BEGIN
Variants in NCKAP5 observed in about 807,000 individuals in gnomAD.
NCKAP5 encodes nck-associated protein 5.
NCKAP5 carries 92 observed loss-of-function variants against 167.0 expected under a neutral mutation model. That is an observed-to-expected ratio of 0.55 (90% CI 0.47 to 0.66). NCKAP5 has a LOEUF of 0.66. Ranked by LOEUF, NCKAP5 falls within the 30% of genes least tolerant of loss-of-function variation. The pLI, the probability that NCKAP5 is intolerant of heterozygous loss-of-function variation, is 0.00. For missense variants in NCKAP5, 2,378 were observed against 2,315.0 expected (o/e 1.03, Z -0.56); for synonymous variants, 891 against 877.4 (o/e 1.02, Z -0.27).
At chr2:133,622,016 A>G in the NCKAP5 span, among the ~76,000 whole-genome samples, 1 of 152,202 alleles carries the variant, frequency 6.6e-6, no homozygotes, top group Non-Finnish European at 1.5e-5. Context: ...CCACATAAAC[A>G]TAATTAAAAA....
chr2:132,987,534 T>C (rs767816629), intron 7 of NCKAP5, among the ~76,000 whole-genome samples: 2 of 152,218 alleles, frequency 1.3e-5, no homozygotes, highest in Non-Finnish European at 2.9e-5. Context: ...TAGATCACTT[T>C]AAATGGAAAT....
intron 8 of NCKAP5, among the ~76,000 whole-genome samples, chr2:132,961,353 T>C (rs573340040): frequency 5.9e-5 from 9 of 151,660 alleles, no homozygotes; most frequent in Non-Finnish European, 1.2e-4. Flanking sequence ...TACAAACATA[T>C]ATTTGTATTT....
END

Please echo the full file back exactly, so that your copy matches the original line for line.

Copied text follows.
Variants in NCKAP5 observed in about 807,000 individuals in gnomAD.
NCKAP5 encodes nck-associated protein 5.
NCKAP5 carries 92 observed loss-of-function variants against 167.0 expected under a neutral mutation model. That is an observed-to-expected ratio of 0.55 (90% CI 0.47 to 0.66). NCKAP5 has a LOEUF of 0.66. Ranked by LOEUF, NCKAP5 falls within the 30% of genes least tolerant of loss-of-function variation. The pLI, the probability that NCKAP5 is intolerant of heterozygous loss-of-function variation, is 0.00. For missense variants in NCKAP5, 2,378 were observed against 2,315.0 expected (o/e 1.03, Z -0.56); for synonymous variants, 891 against 877.4 (o/e 1.02, Z -0.27).
At chr2:133,622,016 A>G in the NCKAP5 span, among the ~76,000 whole-genome samples, 1 of 152,202 alleles carries the variant, frequency 6.6e-6, no homozygotes, top group Non-Finnish European at 1.5e-5. Context: ...CCACATAAAC[A>G]TAATTAAAAA....
chr2:132,987,534 T>C (rs767816629), intron 7 of NCKAP5, among the ~76,000 whole-genome samples: 2 of 152,218 alleles, frequency 1.3e-5, no homozygotes, highest in Non-Finnish European at 2.9e-5. Context: ...TAGATCACTT[T>C]AAATGGAAAT....
intron 8 of NCKAP5, among the ~76,000 whole-genome samples, chr2:132,961,353 T>C (rs573340040): frequency 5.9e-5 from 9 of 151,660 alleles, no homozygotes; most frequent in Non-Finnish European, 1.2e-4. Flanking sequence ...TACAAACATA[T>C]ATTTGTATTT....